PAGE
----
Will China Prove the Doomsayers Wrong?
Investors seem convinced that Chinese President Xi Jinping’s new leadership lacks the knowhow and independence to mount an effective response to the profound economic challenges the country faces. Whether they are proved right or wrong depends – like virtually everything else in China nowadays – on the man at the top.
ATHENS – The new leadership team selected by Chinese President Xi Jinping at the 20th National Congress of the Communist Party of China failed to impress financial markets at home and abroad. In the week following the announcement of Xi’s new team, Hong Kong’s stock market declined by 8.3%, and the Shanghai Composite Index, China’s largest stock exchange, dropped 4%, despite the Chinese government’s intervention to prop up prices. US-listed Chinese stocks plunged by 15%.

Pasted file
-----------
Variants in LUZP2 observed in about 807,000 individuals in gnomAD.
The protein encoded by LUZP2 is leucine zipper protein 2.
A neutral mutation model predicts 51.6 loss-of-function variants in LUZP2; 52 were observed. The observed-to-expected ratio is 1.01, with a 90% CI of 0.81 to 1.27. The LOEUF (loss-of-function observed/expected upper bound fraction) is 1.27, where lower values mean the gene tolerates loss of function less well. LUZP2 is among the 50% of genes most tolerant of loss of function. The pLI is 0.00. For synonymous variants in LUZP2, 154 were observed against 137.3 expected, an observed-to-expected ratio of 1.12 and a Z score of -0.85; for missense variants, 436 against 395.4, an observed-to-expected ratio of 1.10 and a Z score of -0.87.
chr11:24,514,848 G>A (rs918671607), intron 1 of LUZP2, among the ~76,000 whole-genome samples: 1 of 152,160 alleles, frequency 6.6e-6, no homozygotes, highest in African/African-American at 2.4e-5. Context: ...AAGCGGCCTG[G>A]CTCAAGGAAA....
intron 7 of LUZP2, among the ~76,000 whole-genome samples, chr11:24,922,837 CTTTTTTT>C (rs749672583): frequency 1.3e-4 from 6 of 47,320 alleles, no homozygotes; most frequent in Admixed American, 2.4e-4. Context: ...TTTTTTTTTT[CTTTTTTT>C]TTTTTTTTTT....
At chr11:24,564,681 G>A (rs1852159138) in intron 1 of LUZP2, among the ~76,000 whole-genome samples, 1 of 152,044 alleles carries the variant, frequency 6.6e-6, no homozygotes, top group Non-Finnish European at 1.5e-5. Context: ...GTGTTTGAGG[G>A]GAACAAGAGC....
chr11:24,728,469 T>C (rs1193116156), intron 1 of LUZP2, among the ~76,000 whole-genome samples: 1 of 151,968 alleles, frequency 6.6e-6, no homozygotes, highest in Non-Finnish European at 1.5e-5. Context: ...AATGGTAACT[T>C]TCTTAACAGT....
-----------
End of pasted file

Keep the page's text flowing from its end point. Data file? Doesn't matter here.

Investors have good reason to worry. Though financial markets had already priced in Xi’s third term, investors had hoped that he would appoint a team of more moderate, experienced officials capable of putting pragmatism above politics. Instead, Xi packed the Politburo and its Standing Committee with loyal allies and protégés.
China’s next premier will be Li Qiang, who was Xi’s chief of staff (2004-07), before later serving as governor of Zhejiang province (2013-16), and CPC Secretary of Shanghai (2017-22). Li is widely credited with convincing Tesla to build its largest overseas factory in Shanghai – an achievement that has bolstered his business-friendly reputation. But, unlike every other premier since 1988, Li has no national-level administrative experience.
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